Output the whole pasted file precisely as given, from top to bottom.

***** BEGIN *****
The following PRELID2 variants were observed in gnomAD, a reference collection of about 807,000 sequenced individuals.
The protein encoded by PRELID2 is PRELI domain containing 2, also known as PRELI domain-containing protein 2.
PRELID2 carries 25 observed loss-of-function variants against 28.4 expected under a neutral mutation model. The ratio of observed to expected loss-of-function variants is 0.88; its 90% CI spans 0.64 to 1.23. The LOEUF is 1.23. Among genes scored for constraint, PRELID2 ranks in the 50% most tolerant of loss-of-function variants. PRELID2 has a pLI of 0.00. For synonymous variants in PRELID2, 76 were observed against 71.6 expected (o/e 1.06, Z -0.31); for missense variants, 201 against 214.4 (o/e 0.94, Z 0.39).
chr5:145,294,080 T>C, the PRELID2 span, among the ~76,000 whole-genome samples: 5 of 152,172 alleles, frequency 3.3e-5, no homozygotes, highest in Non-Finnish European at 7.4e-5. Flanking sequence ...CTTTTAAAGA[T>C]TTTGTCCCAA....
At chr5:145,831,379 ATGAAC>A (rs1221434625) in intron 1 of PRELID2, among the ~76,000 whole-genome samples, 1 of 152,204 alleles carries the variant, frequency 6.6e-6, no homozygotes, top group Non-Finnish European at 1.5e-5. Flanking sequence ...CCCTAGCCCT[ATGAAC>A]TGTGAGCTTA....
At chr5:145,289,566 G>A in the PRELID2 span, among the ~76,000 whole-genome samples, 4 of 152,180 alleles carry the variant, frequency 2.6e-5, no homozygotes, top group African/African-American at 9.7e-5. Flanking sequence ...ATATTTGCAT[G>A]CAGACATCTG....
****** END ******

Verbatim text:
The following PRELID2 variants were observed in gnomAD, a reference collection of about 807,000 sequenced individuals.
The protein encoded by PRELID2 is PRELI domain containing 2, also known as PRELI domain-containing protein 2.
PRELID2 carries 25 observed loss-of-function variants against 28.4 expected under a neutral mutation model. The ratio of observed to expected loss-of-function variants is 0.88; its 90% CI spans 0.64 to 1.23. The LOEUF is 1.23. Among genes scored for constraint, PRELID2 ranks in the 50% most tolerant of loss-of-function variants. PRELID2 has a pLI of 0.00. For synonymous variants in PRELID2, 76 were observed against 71.6 expected (o/e 1.06, Z -0.31); for missense variants, 201 against 214.4 (o/e 0.94, Z 0.39).
chr5:145,294,080 T>C, the PRELID2 span, among the ~76,000 whole-genome samples: 5 of 152,172 alleles, frequency 3.3e-5, no homozygotes, highest in Non-Finnish European at 7.4e-5. Flanking sequence ...CTTTTAAAGA[T>C]TTTGTCCCAA....
At chr5:145,831,379 ATGAAC>A (rs1221434625) in intron 1 of PRELID2, among the ~76,000 whole-genome samples, 1 of 152,204 alleles carries the variant, frequency 6.6e-6, no homozygotes, top group Non-Finnish European at 1.5e-5. Flanking sequence ...CCCTAGCCCT[ATGAAC>A]TGTGAGCTTA....
At chr5:145,289,566 G>A in the PRELID2 span, among the ~76,000 whole-genome samples, 4 of 152,180 alleles carry the variant, frequency 2.6e-5, no homozygotes, top group African/African-American at 9.7e-5. Flanking sequence ...ATATTTGCAT[G>A]CAGACATCTG....